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akeka 10-03-2012 02:08 AM

Find hundreds of file on many directory
 
Hi,

I want to search hundreds of files on many directory

Is there any way that I can do this on single command ?

Thanks

pan64 10-03-2012 02:13 AM

what is the goal? have you tried ls -lR or the command: find ?

Didier Spaier 10-03-2012 02:13 AM

The "find" command is the usual candidate for that.

Please tell us some more about your search criteria and the scope of the search if you need a more customized answer.

akeka 10-03-2012 02:17 AM

Hi all,

thanks for the reply

The goal is simple, there's a bunch (hundreds) of files that I need to search on 9 path

I know I can use find with -name file1 -o -name file2

I can afford it if it's only less than 5 files, but hundreds ?

Maybe some combination of find, awk, xargs or something can help me, but I don't know how :)

Thanks

pan64 10-03-2012 02:22 AM

I still do not understand: do you have a list of filenames and you want to locate them, or ????

akeka 10-03-2012 02:33 AM

Quote:

Originally Posted by pan64 (Post 4795739)
I still do not understand: do you have a list of filenames and you want to locate them, or ????

Yes

Maybe I can explain more

Let say I have file list_of_files.txt which the content are all files that I need to search

Quote:

file1
123
234fnk
dseouo
.
.
.
The files doesn't have similar pattern, completely random

Thanks

Didier Spaier 10-03-2012 02:37 AM

Code:

for i in $(cat list_of_files.txt); do locate $i; done
I assume that your locate database is up to date, else run "updatedb" first.

akeka 10-03-2012 02:42 AM

Quote:

Originally Posted by Didier Spaier (Post 4795750)
Code:

for i in $(cat list_of_files.txt); do locate $i; done
I assume that your locate database is up to date, else run "updatedb" first.

Hi,

Thank you for the reply

How do I define the path to be search ?

pan64 10-03-2012 02:49 AM

locate has a database and will search inside. Therefore if this database is not uptodate it will not find those files. (you can scan your environment and collect info using updatedb). If you want to look for special directories you need to grep the result.

SecretCode 10-03-2012 03:38 AM

locate will be efficient because it will search only its own database, not the file system

But if you need other or more limited directories to be searched, you could do it directly - but if you are searching 1000s of subdirectories you may want to think about a depth-first versus breadth-first approach - by depth-first I mean search for one of the possible file names in all directories, then the next:

Code:

for fn in $(cat list_of_files.txt); do find /dir1 /dir2 /dir3 -name $fn; done
or ("breadth-first") you may want to search for all possible file names in the top directory, then in the next, and so on:

Code:

find /dir1 /dir2 /dir3 -type d -exec bash -c 'for fn in $(cat list_of_files.txt); do find "{}" -maxdepth 1 -name "$fn"; done' \;
The second version looks more complex but may be more efficient as the file name matching search is only done once in each directory (and the directory tree is only walked once).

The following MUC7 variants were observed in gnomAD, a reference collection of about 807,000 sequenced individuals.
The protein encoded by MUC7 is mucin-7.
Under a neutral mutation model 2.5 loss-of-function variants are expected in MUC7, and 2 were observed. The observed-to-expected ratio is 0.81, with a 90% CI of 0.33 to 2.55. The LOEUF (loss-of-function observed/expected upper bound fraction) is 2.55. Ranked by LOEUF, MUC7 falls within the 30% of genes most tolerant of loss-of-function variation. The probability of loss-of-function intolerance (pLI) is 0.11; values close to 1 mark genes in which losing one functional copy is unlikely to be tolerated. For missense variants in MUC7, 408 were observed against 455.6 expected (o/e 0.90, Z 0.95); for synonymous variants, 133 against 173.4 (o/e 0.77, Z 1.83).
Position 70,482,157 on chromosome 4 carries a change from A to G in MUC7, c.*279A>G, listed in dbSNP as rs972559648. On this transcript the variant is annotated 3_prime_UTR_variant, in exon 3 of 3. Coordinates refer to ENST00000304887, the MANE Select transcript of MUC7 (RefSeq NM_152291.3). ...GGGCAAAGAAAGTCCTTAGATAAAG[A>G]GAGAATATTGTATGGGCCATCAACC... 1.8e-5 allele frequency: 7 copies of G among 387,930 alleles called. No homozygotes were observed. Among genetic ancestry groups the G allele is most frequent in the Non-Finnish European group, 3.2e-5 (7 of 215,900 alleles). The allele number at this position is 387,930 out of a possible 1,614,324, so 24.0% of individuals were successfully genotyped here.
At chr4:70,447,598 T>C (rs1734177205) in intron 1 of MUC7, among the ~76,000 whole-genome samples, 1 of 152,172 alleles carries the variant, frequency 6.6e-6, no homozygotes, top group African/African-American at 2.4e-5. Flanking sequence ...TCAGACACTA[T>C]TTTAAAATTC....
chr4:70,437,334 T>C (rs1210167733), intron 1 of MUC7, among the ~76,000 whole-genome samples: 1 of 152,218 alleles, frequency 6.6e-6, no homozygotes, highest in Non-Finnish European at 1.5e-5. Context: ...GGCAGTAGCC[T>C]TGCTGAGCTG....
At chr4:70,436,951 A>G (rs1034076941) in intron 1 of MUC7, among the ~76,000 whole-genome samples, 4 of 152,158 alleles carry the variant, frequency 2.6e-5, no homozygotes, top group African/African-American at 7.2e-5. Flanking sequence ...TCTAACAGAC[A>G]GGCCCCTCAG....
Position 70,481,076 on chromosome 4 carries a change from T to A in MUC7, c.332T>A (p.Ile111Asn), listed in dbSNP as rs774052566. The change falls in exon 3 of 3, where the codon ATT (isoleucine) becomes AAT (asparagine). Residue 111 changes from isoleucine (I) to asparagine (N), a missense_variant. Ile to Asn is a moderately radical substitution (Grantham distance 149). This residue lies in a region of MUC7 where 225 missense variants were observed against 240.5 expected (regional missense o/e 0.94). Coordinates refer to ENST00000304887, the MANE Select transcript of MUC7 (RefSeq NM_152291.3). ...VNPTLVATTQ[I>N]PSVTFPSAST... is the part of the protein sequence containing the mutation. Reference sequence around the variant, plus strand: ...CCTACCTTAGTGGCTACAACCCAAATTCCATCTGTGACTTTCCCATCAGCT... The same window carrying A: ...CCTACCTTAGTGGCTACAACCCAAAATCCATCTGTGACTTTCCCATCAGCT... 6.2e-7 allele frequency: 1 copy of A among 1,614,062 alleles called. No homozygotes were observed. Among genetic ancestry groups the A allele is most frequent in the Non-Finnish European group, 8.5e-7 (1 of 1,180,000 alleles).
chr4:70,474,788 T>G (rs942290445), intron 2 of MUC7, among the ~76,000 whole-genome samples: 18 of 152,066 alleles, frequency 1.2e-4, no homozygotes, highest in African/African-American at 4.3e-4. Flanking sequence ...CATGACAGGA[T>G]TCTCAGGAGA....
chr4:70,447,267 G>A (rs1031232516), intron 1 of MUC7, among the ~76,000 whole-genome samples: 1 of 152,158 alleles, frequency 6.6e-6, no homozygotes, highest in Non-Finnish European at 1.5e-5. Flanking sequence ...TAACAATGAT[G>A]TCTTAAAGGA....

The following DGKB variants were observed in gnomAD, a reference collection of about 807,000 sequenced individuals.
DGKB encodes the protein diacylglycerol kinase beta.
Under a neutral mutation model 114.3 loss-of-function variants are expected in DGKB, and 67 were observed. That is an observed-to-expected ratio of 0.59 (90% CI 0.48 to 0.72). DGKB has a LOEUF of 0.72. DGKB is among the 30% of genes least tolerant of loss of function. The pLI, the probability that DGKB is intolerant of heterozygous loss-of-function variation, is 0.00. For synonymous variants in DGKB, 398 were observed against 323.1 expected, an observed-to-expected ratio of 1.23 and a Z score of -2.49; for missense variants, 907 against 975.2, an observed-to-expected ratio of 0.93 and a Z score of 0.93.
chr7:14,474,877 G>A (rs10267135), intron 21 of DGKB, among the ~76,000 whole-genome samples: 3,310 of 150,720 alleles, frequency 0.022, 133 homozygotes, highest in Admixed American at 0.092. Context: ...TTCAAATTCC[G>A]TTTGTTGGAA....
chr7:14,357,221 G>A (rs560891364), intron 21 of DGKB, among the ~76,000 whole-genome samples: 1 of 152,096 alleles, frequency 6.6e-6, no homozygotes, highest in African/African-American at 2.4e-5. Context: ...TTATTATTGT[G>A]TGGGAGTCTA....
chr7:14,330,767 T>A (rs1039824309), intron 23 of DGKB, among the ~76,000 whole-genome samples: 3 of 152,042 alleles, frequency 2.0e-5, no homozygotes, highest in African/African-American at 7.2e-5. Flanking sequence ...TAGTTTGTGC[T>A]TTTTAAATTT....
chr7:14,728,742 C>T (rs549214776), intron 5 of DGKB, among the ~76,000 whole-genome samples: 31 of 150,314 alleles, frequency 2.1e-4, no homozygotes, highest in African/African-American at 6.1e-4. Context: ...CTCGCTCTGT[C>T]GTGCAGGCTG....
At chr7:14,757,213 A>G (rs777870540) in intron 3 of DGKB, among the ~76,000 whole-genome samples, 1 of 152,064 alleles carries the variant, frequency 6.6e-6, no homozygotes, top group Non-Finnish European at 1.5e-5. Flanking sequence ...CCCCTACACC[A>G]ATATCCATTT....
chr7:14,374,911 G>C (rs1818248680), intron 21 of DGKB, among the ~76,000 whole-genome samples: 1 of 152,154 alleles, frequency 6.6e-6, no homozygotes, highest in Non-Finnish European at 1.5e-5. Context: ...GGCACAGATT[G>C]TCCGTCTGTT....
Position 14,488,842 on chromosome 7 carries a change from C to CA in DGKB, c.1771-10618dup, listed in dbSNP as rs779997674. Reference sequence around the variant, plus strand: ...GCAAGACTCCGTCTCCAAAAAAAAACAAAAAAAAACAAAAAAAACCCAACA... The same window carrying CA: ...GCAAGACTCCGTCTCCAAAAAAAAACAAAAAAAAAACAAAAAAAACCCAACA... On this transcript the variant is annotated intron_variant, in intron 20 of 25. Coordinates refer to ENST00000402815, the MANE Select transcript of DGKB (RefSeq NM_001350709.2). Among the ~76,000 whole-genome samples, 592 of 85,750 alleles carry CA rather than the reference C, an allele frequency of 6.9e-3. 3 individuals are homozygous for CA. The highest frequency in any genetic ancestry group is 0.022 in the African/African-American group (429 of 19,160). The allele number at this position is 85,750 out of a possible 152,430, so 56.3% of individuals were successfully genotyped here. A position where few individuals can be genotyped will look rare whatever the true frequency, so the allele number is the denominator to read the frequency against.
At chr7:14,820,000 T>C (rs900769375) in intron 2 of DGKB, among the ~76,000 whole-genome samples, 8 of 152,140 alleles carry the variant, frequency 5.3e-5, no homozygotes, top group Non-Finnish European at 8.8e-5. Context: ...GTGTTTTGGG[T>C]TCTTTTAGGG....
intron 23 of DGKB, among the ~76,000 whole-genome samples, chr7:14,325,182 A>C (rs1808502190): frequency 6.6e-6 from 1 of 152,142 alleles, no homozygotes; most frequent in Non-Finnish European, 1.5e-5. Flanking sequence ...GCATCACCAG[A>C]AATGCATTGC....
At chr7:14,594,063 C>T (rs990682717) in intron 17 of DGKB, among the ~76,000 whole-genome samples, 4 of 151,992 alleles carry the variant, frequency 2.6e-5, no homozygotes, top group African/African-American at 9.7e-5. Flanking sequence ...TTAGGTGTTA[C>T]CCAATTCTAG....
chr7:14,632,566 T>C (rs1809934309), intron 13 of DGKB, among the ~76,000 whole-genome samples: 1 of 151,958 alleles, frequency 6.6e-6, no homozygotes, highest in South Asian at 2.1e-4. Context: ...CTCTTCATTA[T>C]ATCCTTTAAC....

That said, if you're only checking the name, it should be fast enough anyway as find won't have to stat anything.

(In the above /dir1 /dir2 /dir3 is the list of directories you want to search in, and I assume like Didier that you've got a list_of_files.txt. If some of the possible file names contain spaces, they'll need to be quoted.)

NevemTeve 10-03-2012 05:30 AM

Note:
Code:

never do this: for file in $(cat filelist); do ... done
instead:      cat filelist | while read file; do ... done
even better:  while read file; do ... done <filelist

Reasons:
1. 'filelist' might be large
2. filenames might contain spaces

H_TeXMeX_H 10-03-2012 12:19 PM

Well, honestly, I would use find and then grep.

Code:

bash-4.2$ find /usr -type f > usr.txt
bash-4.2$ cat grepfile.txt
/usr/local/bin/geany$
/usr/local/bin/7z$
bash-4.2$ grep -f grepfile.txt usr.txt
/usr/local/bin/7z
/usr/local/bin/geany

You can of course use regex in the grep file.

dugan 10-03-2012 12:40 PM

Do an updatedb once, and then run locate once for each file in the list.

EDIT: In other words, what Didier Spaier said. You don't need to "define the path to be searched" (and this should be apparent if you know how updatedb and locate work).

SecretCode 10-03-2012 04:57 PM

Quote:

Originally Posted by dugan (Post 4796231)
(and this should be apparent if you know how updatedb and locate work)

Which is that, as controlled by /etc/updatedb.conf, they search most of the standard paths - which may return many false positives, depending on the kind of names involved - but do not search all paths. In particular, a sensible administrator will have configured them not to search large removable or network drives.

So it's apparent, if you know how updatedb and locate work, that you might need to define the set of paths to be searched.

ip_address 10-03-2012 09:27 PM

you can also try this ..

Code:

while read line; do echo "Finding file $line .."; find / -name "$line" 2>/dev/null; done < list_of_files.txt


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